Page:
A Street Apart: Essaouira, Morocco 2018 © Jillian Edelstein
It’s an odd time and I have been rooting around my archives and I came up with the idea of making little movies of my ongoing Affinities series (Creative Collaborators – people who met through and because of work) – looking at togetherness/collaboration in a time of separateness. Although this image of Essaouira is not part of the Affinities series, it immediately spoke to me of social distancing because of the appearance of these negatives side by side. The alleyway feels desolate and there seems to be a disconnect between the figures and the urban setting. This reminds me of the atmosphere of lockdown, which feels furtive, as if we have to scurry through our normally safe, familiar and habitual landscapes.
by Anna Giangiordano
Into the street then, quickly, with this bundle beneath my arm.
I wrapped it in green; it seemed right. Fitting. Grass green knotted around heat and dust.
I touch the same spot on the wall as I do everyday, feel the shine of cold stone, burnished by every hand that has been pressed here for reassurance, and I am briefly reassured.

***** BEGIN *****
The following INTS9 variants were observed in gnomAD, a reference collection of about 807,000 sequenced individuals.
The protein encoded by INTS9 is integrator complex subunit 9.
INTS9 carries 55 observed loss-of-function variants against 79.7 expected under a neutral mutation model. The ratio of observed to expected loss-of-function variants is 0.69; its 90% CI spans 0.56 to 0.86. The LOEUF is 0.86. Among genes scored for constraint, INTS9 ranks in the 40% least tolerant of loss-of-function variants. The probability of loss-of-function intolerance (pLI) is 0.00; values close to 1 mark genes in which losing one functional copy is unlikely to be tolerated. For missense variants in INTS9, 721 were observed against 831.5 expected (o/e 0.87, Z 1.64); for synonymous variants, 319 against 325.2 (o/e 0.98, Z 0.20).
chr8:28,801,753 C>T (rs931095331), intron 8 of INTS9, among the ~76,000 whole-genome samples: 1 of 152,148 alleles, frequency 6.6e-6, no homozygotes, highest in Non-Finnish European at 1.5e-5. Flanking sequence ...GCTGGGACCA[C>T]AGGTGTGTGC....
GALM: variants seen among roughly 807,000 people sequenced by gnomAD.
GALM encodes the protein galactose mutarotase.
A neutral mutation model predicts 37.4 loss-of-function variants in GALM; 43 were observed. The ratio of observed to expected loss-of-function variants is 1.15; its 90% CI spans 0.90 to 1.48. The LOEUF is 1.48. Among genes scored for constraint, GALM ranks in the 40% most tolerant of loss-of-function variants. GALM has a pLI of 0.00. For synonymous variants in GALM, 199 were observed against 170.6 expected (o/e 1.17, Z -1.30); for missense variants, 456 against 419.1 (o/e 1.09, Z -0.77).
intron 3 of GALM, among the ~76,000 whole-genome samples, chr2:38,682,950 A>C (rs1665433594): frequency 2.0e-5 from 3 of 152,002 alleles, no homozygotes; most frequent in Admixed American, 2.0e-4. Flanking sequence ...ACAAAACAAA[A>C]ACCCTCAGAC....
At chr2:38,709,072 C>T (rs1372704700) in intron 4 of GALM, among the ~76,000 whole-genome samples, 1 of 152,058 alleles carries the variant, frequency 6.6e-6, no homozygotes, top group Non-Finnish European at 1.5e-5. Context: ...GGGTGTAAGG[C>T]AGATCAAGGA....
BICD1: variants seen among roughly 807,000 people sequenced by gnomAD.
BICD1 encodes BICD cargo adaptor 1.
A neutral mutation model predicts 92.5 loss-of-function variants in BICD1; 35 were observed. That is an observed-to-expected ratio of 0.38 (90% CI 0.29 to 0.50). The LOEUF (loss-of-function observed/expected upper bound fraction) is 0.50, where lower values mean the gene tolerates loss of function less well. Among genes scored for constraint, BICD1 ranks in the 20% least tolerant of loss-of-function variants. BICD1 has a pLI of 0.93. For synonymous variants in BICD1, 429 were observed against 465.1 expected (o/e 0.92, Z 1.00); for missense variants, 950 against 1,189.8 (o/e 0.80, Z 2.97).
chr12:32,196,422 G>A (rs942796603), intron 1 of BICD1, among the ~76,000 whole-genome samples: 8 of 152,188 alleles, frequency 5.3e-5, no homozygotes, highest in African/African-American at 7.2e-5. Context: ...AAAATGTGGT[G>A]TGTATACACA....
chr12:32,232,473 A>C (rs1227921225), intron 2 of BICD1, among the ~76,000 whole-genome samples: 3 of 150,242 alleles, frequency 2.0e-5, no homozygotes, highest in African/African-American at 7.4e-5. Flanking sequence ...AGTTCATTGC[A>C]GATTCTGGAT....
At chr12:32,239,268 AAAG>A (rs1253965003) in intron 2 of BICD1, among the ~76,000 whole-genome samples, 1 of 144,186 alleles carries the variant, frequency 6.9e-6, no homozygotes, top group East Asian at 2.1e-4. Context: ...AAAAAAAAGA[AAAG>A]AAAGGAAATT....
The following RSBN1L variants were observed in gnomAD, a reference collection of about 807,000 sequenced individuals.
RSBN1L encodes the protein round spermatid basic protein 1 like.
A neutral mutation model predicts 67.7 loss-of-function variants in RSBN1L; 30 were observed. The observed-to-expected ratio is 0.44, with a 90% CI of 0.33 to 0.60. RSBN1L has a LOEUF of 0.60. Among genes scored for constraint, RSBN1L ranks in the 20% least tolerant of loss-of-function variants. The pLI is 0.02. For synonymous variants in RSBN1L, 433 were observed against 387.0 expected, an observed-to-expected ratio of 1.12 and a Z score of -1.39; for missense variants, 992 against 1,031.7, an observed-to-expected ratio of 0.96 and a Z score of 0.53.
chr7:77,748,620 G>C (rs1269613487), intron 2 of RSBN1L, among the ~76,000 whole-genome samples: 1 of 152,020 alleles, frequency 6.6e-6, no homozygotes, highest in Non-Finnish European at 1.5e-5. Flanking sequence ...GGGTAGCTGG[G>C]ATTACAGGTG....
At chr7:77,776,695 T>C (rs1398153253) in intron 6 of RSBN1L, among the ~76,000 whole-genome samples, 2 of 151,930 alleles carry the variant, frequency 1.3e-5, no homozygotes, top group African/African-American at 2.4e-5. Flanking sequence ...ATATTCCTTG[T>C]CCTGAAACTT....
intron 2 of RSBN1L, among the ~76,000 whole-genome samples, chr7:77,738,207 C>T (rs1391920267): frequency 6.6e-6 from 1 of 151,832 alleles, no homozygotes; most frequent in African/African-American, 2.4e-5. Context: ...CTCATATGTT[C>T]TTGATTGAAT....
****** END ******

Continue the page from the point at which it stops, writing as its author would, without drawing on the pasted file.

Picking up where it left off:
But today I pause longer. I look up, follow the line of the corner where it crests between my fingers and rises in an uncertain line to the overhang of the roof, three floors up.
Someone, in shadow against the brightness of the sky above, pulls back quickly.
Connect with Anna
A Street Apart
by Shyama Laxman
Today when you leave home
To go to the shops
Stop outside my window
Stamp your feet three times
I will be on the other side
Listening out for the sound of your ankle bells
Counting down to ten before I follow you
You will turn around to check and
In that moment, I will take in your face
Like a parched one running towards the oasis
The surma in your eyes, your brocade lined hijaab
Cherry tinted lips that I can’t kiss
Our steps will be timed so we are two metres away
Like the lawmakers want us to be
At the end of the street
Take a left that leads to the deserted alley
Where we have stolen ten minutes and broken rules before
And not just the ones that say
That we should be two metres away
I will meet you there
And say how you have been
Ask after your husband and children
Hold your face in my hands
Taste your cherry tinted lips and soak in the smell of your attar
The one that we got from the souk
Two nights before your wedding
I promise I will then let you go
I will count down to twenty
Say your name between each count
Follow you again, this time remain
A street apart